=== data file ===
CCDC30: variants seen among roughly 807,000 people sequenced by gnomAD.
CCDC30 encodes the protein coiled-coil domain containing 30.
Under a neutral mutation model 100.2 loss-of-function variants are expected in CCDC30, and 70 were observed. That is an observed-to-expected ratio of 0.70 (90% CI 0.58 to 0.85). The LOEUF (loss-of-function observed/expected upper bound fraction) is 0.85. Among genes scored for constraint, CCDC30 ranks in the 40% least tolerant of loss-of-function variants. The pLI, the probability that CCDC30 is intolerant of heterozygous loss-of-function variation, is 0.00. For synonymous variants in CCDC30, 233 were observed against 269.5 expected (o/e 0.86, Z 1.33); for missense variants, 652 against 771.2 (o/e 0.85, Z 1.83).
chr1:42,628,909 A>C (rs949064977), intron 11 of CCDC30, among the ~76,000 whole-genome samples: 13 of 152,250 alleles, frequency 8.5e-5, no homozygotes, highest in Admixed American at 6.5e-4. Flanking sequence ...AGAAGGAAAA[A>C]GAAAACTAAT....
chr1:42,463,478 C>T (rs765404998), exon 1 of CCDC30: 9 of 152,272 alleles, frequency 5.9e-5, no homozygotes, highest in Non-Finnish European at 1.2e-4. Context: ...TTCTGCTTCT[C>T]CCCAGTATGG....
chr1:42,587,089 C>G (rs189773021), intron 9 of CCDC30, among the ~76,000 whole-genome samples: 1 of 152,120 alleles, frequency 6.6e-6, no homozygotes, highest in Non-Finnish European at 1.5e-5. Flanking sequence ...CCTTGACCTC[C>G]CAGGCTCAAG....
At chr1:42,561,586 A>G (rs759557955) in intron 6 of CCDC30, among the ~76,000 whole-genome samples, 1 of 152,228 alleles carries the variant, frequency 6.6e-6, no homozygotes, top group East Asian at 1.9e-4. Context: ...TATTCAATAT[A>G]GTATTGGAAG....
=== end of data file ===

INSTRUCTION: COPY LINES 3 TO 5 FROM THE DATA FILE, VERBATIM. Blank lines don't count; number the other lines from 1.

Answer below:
Under a neutral mutation model 100.2 loss-of-function variants are expected in CCDC30, and 70 were observed. That is an observed-to-expected ratio of 0.70 (90% CI 0.58 to 0.85). The LOEUF (loss-of-function observed/expected upper bound fraction) is 0.85. Among genes scored for constraint, CCDC30 ranks in the 40% least tolerant of loss-of-function variants. The pLI, the probability that CCDC30 is intolerant of heterozygous loss-of-function variation, is 0.00. For synonymous variants in CCDC30, 233 were observed against 269.5 expected (o/e 0.86, Z 1.33); for missense variants, 652 against 771.2 (o/e 0.85, Z 1.83).
chr1:42,628,909 A>C (rs949064977), intron 11 of CCDC30, among the ~76,000 whole-genome samples: 13 of 152,250 alleles, frequency 8.5e-5, no homozygotes, highest in Admixed American at 6.5e-4. Flanking sequence ...AGAAGGAAAA[A>C]GAAAACTAAT....
chr1:42,463,478 C>T (rs765404998), exon 1 of CCDC30: 9 of 152,272 alleles, frequency 5.9e-5, no homozygotes, highest in Non-Finnish European at 1.2e-4. Context: ...TTCTGCTTCT[C>T]CCCAGTATGG....